This review will describe certain developments which have appeared recently in the immunologic literature involving the transfer of viable cells from one animal to another. In 1940 Landsteiner and Chase showed that it was possible to remove cellular exudates from guinea pigs sensitized with simple chemical compounds, wash these cells and transfer them to fresh guinea pigs and then to demonstrate in the recipient guinea pigs dermal sensitivity to the original compound. More recently, Dr. Merrill Chase sensitized guinea pigs with o-chlorobenzoyl chloride: paraffin oil had been injected intraperitoneally into these animals 48 hours before, in order to induce the necessary cellular accumulation. These cells were collected, washed and injected into a recipient guinea pig, which thereupon developed a positive reaction to the allergen.
Similar experiments were done with cells secured from lymph nodes of sensitized guinea pigs and in the case of heat-killed tubercle bacilli suspended in hydrocarbon as antigen.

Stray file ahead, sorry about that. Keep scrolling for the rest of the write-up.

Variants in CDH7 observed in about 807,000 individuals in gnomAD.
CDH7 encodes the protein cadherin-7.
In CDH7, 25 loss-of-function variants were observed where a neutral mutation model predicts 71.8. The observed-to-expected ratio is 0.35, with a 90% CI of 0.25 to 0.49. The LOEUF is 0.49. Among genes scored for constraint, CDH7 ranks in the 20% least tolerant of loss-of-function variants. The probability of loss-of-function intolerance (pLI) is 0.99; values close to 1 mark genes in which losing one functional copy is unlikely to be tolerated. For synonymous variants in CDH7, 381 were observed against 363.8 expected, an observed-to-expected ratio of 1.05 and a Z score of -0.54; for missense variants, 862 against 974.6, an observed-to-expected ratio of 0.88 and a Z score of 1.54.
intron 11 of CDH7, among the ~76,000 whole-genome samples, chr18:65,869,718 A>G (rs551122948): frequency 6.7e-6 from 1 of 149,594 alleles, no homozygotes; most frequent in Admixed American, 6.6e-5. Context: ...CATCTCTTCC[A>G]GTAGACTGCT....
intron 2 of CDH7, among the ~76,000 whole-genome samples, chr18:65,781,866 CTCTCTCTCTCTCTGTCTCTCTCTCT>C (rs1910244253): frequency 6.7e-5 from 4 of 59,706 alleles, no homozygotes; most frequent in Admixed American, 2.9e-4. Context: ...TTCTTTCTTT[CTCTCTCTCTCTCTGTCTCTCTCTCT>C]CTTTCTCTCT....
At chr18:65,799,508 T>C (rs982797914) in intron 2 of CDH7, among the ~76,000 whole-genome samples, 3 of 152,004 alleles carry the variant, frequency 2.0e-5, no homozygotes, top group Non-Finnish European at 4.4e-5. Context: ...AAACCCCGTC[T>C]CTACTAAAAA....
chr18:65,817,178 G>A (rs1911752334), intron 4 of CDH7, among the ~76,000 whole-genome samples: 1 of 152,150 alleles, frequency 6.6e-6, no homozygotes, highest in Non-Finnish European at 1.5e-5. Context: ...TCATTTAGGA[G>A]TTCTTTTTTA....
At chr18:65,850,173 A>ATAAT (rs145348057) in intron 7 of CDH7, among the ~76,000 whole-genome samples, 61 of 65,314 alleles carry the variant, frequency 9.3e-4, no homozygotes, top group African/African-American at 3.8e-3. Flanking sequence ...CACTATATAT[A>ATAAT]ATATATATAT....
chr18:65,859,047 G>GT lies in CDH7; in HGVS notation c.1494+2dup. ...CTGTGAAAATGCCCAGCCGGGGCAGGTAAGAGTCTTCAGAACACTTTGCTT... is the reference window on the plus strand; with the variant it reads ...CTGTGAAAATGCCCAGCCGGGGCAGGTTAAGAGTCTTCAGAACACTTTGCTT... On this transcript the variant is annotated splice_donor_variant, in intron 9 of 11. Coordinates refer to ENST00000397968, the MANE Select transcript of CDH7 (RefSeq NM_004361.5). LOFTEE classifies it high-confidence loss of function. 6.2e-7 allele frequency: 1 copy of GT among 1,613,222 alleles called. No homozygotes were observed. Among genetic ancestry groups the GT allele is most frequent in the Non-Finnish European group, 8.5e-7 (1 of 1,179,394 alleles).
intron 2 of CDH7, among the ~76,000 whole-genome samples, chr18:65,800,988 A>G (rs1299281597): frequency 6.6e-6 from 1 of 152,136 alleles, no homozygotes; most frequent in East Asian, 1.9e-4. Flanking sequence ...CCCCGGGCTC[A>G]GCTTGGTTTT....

The same phenomenon has been demonstrated by Metaxas with intradermally injected cells, and by Lawrence in the human species with leucocytes collected from blood and injected intradermally.
Tissue reactions of the immediate type of hypersensitivity have also been demonstrated by Chase as a function of transferred cells by the use of the Schultz-Dale technic, as well as by an adaptation of the PK type of reaction to the measurement of classical antibodies.
It was felt in our laboratory that this type of approach might provide more direct information on the mechanism of antibody formation in the cells involved. Accordingly, a study of such cells was undertaken, using largely bacterial cells as antigens and measuring the agglutinins produced thereto.
- Copyright © 1953 by the American Academy of Pediatrics